Renowned pianist that he is, it only figures that the most important chapter of Greg Spero’s Illini story is set at the School of Music.
But with one unexpected twist.
“My most life-changing encounter in the music department at UIUC was with a professor whose focus wasn’t music,” the leader of the jazz band Spirit Fingers says from Los Angeles.
“Guy Garnett was a composition teacher, but his primary focus was on mixed media and collaborative creativity through a combination of engineering and art. Music was a part of this, and Guy was a brilliant composer, but he straddled obligations to the Siebel Center and the music department, spearheading initiatives like motion-tracking interactive audio-visual displays before the technology was consumerized.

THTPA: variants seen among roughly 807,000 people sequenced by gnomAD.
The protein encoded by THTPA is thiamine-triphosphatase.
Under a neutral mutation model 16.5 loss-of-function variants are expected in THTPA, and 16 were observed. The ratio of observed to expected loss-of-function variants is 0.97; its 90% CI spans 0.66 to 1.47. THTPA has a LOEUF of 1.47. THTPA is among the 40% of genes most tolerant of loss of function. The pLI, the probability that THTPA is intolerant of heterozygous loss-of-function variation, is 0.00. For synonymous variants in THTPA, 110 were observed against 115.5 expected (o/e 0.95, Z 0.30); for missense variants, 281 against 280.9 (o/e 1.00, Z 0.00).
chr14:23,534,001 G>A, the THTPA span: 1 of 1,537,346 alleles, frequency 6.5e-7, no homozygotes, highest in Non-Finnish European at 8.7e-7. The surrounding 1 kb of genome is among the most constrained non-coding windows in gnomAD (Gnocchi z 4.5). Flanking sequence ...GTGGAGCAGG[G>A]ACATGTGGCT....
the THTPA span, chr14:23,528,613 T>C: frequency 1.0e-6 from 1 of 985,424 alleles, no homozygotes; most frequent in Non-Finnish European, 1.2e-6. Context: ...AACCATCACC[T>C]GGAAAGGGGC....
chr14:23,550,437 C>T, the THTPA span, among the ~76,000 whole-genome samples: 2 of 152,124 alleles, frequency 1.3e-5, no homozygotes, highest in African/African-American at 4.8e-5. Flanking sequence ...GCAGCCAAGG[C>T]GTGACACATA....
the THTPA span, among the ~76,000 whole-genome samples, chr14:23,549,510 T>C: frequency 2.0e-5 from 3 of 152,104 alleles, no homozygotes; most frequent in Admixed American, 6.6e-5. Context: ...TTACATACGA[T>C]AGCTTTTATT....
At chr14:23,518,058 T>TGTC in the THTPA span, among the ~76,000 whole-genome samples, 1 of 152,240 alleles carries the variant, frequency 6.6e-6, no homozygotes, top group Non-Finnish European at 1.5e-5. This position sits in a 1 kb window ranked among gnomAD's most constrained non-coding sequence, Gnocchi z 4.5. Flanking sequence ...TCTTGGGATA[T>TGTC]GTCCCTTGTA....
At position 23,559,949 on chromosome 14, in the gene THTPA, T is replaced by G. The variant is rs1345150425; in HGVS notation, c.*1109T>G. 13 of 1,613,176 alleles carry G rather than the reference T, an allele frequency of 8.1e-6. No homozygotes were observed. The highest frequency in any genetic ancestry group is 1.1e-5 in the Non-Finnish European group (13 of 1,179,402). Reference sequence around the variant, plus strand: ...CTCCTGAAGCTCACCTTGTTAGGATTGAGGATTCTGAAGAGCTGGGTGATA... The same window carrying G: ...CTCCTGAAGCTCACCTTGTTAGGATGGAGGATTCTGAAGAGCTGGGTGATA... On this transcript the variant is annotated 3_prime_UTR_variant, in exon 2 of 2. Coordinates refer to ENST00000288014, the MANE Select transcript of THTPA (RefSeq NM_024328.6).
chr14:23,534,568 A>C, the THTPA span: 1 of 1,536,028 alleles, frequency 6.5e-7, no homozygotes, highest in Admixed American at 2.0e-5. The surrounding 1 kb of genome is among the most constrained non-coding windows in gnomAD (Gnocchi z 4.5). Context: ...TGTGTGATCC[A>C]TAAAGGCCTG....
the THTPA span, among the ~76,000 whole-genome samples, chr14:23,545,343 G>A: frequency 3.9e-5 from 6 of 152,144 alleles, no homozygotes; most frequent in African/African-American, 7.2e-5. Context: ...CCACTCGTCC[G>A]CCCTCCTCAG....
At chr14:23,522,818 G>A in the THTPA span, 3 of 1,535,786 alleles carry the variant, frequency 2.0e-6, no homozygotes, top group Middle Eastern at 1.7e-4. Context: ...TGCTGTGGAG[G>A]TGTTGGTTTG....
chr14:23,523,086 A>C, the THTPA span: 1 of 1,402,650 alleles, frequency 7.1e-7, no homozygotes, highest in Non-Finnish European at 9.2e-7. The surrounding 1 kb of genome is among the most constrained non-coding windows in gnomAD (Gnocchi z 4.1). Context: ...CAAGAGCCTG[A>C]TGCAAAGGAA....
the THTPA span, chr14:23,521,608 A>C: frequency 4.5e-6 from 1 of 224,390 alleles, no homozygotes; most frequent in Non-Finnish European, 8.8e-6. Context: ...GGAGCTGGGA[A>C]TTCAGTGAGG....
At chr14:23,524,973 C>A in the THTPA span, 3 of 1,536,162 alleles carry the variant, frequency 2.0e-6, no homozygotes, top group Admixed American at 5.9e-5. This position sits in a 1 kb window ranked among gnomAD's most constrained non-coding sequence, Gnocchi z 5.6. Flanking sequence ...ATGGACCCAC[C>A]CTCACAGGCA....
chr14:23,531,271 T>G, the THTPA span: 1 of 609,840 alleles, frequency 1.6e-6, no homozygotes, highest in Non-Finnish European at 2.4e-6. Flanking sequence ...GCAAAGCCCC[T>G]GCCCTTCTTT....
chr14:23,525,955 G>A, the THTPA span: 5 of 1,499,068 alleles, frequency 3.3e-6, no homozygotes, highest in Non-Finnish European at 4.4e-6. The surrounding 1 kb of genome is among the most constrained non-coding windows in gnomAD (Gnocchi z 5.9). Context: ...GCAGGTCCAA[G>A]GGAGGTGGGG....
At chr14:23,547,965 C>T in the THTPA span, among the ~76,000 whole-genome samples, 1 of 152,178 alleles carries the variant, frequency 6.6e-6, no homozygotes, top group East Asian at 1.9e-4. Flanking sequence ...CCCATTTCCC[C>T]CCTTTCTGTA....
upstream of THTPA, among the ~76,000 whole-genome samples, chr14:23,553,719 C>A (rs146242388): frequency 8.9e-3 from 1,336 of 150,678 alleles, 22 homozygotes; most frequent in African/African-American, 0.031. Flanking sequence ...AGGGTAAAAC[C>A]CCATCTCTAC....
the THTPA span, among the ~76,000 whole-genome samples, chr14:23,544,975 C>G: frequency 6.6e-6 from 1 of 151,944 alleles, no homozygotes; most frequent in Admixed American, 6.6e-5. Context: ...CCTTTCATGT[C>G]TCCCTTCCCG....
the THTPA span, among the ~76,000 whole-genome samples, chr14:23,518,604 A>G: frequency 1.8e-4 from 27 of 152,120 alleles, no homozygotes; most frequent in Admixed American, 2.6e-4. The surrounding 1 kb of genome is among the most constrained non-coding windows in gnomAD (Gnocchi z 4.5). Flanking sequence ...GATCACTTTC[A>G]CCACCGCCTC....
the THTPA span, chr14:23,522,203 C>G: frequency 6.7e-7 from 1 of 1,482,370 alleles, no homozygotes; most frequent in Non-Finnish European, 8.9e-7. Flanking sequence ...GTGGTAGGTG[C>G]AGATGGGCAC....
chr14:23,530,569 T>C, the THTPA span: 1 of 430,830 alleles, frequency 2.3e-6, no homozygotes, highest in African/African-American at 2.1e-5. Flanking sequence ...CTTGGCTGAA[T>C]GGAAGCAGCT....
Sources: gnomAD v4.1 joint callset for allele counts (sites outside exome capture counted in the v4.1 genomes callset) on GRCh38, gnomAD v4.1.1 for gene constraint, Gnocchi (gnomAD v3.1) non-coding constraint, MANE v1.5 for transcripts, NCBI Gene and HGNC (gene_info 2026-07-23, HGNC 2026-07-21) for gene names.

“Guy understood and was able to explain music from a perspective that no other professor in my experience could. While music professors generally focused on how to use their particular vocabulary and their musical preferences to create what they felt were compelling compositions, Guy looked below the surface of preference and style to find the root of what made music universally compelling.
“He taught me the underlying gears behind all art, what made it speak and how each individual genre formed its preferences and vocabulary on top of those basic human universalities.
“In retrospect, I think it was the diversity of his expertise that allowed him to see deeper into the music than most, and to explain it so effectively that it would change the course of my creative life. His guidance in our private lessons formed the basis of how I think of music, art and beauty in many aspects of life —still, 12 years after my graduation, and I see the thread continuing for my lifetime.
“I am eternally grateful for his willingness to step out of the box of tradition and ego that most people unawarely stick within.”